My Ashford | Persistence Creates Expertise
Something interesting is happening at Ashford University. You’ve probably seen it. Students, faculty, and staff are sharing their #MyAshfordU stories, and we’ve loved hearing the impact education has on your lives. The latest to share her story is Millie Jones, Lead Writing & Learning Specialist in Ashford’s Writing Center.
At the age of 32, I decided to go back to school. I hadn’t been in school for more than 10 years, and I was excited—but mostly nervous and insecure. I had already been turned down from two graduate schools I’d applied to, and I assumed it was some mistake that I’d been accepted to this one. I had a clear vision of the new career I wanted, and I was determined to take the steps needed to get there. But this didn’t stop me from having concerns: it had been a long time since I was in school, and I was older than most of the students in my class. Also, I had a computer, but barely knew how to use it, and compared to other students, I didn’t feel as smart as them. Did I really belong here?
How Do I Persist in Education?
In my very first class, the instructor told us her ideas about how to get through school, all the way to getting your PhD. She said, “You show up, and you do the work.” She explained further that it really didn’t matter if you don’t fully understand what you are reading or how to get the assignments done. If you show up to every class and do all of the work, it will begin to make sense. She told us that some courses would seem impossible and other students may seem to have it all together, but if you just keep going, little by little, you’ll get where you want to be. She said, “Education isn’t about how smart you are; it’s about persistence. Persistence creates expertise.”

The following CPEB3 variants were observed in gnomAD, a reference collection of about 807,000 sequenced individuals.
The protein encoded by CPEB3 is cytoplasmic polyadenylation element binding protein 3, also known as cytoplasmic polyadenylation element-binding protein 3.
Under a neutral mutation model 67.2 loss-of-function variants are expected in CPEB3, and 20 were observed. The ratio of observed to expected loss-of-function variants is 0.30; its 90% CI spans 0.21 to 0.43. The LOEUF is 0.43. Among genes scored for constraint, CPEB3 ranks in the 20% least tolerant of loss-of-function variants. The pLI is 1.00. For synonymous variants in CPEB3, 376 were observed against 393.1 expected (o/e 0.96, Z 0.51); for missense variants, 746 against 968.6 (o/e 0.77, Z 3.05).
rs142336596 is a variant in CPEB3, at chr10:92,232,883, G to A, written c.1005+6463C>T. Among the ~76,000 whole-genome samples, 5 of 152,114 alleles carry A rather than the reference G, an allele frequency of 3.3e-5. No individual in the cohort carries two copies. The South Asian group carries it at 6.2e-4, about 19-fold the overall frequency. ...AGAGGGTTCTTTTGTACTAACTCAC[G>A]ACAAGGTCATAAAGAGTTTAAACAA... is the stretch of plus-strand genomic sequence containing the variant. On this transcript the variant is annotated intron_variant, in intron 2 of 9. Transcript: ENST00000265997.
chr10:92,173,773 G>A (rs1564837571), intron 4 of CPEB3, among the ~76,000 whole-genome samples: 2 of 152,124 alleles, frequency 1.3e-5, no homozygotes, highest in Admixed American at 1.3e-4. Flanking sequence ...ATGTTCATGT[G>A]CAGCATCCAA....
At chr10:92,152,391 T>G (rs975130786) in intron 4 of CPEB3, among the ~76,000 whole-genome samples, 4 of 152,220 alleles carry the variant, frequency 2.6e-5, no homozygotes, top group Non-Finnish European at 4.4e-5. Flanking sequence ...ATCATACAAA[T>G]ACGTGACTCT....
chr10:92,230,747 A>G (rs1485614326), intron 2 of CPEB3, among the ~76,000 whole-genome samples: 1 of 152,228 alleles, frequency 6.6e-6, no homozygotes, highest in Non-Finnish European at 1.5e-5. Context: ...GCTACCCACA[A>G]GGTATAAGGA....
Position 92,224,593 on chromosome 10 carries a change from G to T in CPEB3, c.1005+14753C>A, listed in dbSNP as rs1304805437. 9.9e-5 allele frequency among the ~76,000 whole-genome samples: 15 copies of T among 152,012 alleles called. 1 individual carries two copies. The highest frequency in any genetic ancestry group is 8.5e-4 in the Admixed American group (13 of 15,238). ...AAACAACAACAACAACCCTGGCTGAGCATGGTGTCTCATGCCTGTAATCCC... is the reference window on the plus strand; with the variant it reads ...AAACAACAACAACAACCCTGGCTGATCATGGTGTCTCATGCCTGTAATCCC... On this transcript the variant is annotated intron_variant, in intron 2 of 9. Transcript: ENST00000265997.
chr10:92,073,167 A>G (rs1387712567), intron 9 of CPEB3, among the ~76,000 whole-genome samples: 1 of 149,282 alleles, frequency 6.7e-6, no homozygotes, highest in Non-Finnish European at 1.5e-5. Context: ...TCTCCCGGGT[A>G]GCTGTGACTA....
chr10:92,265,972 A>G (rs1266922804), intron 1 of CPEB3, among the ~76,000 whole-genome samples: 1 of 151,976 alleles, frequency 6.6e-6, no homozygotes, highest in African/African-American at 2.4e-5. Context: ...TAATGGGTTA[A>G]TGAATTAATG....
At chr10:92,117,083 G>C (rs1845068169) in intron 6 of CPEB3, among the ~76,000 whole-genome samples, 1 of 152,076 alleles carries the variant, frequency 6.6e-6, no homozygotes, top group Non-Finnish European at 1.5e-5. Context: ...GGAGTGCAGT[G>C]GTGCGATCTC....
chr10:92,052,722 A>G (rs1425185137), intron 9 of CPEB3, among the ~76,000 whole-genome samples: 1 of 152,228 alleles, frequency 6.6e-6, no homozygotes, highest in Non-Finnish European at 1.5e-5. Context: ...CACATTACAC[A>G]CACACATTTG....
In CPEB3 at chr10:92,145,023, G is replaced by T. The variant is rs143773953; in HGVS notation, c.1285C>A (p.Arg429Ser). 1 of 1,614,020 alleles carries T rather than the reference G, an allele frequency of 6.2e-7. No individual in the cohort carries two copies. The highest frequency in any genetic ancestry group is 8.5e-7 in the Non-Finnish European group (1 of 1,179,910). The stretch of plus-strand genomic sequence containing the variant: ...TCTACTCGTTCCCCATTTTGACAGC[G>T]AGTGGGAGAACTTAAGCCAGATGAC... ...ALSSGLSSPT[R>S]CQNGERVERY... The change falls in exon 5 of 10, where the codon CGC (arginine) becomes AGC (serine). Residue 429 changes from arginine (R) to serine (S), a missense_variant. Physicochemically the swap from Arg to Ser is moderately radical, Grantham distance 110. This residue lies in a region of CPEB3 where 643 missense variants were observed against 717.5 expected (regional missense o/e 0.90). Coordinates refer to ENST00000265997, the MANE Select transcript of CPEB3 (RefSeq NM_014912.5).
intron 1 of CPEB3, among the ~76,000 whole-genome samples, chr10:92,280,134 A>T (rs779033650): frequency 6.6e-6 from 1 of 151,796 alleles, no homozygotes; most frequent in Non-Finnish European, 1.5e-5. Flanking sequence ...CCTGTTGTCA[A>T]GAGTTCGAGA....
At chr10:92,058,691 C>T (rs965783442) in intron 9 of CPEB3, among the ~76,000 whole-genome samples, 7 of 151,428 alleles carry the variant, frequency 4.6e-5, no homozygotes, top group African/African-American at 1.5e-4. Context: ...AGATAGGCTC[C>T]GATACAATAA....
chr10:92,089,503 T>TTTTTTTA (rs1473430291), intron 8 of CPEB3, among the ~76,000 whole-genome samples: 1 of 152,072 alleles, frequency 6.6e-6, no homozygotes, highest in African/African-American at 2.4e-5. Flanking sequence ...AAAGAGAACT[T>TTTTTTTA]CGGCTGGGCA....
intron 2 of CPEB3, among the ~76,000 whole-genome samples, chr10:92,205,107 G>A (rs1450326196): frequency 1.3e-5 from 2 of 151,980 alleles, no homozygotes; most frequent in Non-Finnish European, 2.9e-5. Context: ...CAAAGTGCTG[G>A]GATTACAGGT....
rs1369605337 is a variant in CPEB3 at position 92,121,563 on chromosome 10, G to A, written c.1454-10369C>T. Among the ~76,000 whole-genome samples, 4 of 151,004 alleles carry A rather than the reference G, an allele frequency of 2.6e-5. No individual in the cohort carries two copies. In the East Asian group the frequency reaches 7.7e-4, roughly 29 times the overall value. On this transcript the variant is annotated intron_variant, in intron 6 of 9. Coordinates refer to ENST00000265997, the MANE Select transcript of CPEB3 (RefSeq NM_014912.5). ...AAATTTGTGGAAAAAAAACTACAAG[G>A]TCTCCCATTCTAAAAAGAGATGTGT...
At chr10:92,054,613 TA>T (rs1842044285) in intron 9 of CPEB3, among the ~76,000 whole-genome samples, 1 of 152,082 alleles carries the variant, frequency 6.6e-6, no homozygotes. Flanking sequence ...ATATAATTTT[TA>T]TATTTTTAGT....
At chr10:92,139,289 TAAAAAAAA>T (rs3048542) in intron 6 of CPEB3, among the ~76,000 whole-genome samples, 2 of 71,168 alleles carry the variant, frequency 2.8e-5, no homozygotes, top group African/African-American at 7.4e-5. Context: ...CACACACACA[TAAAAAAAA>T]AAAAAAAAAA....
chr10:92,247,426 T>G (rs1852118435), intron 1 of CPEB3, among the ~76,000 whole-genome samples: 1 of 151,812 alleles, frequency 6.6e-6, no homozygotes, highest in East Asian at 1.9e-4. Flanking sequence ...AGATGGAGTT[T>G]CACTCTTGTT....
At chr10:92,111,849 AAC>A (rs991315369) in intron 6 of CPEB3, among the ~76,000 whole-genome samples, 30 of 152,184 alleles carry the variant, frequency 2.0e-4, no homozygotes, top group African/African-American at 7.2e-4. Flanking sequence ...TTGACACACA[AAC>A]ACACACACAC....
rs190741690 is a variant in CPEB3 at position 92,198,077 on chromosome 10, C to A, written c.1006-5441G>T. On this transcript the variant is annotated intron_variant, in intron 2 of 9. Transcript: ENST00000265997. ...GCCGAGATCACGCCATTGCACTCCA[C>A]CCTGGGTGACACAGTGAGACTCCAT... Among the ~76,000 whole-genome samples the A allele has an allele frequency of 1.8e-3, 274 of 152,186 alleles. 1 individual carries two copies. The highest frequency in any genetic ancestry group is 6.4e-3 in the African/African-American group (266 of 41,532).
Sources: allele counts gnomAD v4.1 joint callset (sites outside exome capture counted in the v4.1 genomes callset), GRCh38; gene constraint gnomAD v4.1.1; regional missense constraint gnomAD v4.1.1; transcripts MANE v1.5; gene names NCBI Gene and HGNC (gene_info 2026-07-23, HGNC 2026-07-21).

That was my lightbulb moment. I was insecure because I didn’t think I knew enough to be a graduate student. But I knew I had the determination to take the steps necessary to get to my new career. Turns out, I had everything I needed to get my degree, and even continue on to get a PhD if I wanted. This realization was what carried me through my first graduate degree, my second graduate degree, my first teaching job, and even now through every project, presentation, or challenge I’m faced with at work. I show up, and I do the work. And from there, I learn.
How Do I Go Beyond the Minimum?
This philosophy doesn’t mean that I do the bare minimum. My addition to this mantra of “showing up and doing the work” is that if I’m going to do it and I’m going to put my name on it, I want to be proud of what I’ve done. This method also doesn’t mean that I always get it right. I learned by showing up and doing the work, and understanding that persistence is sometimes more important than intelligence, that if I just keep going, I will get better. So even now, I seek guidance from coworkers, get feedback from others on my work, and collaborate with my peers to create stronger and more impressive work. And with this outreach, I continue to move forward in my career.
It took me some time to realize I do belong here at grad school and at work. Sometimes, it just takes showing up and doing the work to show us what we can accomplish. I learned not to compare myself to others—that most of them felt like a fraud, too. And to just keep going.
How has an instructor had an impact on your learning? Share your story with this post online and tell us what you learned from that experience. #MyAshfordU #instructorimpact
Written by Millie Jones, Writing Center